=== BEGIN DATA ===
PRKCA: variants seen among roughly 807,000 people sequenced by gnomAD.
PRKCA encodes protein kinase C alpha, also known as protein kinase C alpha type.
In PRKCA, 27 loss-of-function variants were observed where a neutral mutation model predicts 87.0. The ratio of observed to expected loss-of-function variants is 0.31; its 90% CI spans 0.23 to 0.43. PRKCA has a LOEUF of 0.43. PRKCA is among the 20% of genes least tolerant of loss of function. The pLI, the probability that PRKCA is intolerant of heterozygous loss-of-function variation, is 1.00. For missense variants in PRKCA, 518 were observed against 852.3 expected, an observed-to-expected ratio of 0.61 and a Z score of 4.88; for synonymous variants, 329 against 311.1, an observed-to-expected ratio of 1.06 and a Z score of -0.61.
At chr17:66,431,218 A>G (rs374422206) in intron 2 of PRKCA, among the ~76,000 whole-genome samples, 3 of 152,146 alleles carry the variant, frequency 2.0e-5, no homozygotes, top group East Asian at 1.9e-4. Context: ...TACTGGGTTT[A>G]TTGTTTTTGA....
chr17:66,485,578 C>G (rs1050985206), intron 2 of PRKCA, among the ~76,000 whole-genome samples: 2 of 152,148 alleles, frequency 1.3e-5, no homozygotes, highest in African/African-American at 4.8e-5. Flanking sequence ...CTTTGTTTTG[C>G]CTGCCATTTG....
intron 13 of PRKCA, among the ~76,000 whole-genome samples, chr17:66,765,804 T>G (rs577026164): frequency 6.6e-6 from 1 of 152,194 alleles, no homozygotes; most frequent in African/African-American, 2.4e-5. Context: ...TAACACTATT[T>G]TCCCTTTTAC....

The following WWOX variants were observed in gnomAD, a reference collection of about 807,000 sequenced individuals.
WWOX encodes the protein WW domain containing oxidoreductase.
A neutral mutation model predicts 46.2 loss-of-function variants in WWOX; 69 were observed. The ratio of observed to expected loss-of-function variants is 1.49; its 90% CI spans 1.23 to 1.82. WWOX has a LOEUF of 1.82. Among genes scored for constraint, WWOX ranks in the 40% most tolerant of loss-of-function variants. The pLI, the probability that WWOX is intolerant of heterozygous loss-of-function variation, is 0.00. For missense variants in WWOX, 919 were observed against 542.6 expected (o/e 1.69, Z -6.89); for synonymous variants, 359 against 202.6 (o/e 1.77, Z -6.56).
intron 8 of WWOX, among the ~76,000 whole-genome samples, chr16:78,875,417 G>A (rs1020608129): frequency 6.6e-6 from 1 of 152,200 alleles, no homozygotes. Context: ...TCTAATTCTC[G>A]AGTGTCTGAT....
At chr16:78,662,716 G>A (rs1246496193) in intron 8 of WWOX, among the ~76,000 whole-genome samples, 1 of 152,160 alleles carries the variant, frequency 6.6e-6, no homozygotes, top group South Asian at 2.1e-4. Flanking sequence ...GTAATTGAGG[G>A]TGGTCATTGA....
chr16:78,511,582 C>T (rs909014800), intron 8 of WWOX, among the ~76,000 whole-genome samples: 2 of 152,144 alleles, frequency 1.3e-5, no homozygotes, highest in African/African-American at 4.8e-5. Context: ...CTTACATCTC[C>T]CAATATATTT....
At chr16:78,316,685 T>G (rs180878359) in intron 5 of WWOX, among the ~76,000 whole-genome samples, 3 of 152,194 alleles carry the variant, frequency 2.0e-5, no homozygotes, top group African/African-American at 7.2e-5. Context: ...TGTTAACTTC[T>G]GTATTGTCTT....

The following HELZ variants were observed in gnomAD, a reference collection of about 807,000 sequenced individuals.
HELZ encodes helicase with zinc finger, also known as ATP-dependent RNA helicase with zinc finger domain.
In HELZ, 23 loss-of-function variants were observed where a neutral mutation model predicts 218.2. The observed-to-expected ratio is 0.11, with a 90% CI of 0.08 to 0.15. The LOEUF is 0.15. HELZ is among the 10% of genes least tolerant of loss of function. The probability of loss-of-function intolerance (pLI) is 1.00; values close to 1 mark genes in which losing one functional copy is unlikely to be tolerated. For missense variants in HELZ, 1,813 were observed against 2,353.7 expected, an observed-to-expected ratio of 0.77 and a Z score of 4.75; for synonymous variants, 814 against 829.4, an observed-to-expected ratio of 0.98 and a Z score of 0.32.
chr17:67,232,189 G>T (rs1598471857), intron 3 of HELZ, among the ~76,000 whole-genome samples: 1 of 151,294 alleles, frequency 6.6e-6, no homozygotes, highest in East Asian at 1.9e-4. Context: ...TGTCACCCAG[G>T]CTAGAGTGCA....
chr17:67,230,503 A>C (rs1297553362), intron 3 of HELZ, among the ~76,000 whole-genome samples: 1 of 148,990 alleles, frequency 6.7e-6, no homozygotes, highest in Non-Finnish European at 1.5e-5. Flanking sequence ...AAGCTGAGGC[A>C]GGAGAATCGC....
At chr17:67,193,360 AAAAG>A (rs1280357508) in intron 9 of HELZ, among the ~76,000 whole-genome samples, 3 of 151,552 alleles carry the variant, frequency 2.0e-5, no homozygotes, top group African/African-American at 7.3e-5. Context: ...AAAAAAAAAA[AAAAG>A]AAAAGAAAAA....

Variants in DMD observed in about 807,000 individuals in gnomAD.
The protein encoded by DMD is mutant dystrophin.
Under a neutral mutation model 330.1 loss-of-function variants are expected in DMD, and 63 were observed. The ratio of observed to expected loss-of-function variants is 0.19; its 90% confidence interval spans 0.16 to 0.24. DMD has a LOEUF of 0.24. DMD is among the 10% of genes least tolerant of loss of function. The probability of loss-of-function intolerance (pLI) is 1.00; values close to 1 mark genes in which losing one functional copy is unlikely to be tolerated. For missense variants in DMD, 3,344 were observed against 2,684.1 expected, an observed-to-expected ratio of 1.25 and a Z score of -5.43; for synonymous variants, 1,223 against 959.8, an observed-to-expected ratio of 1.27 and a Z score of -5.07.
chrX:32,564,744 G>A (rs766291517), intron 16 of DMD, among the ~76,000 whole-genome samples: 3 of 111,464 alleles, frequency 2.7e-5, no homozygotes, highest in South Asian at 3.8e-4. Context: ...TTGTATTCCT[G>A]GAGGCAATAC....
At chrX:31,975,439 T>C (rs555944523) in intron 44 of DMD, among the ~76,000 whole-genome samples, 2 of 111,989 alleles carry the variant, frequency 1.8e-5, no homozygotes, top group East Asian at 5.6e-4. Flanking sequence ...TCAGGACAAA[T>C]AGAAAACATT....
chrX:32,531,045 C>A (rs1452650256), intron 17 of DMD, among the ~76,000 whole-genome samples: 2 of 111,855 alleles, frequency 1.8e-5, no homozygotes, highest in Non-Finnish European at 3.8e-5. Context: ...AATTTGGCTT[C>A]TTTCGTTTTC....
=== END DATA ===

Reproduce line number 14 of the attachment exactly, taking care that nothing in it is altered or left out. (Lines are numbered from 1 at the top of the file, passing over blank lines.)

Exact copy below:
The following HELZ variants were observed in gnomAD, a reference collection of about 807,000 sequenced individuals.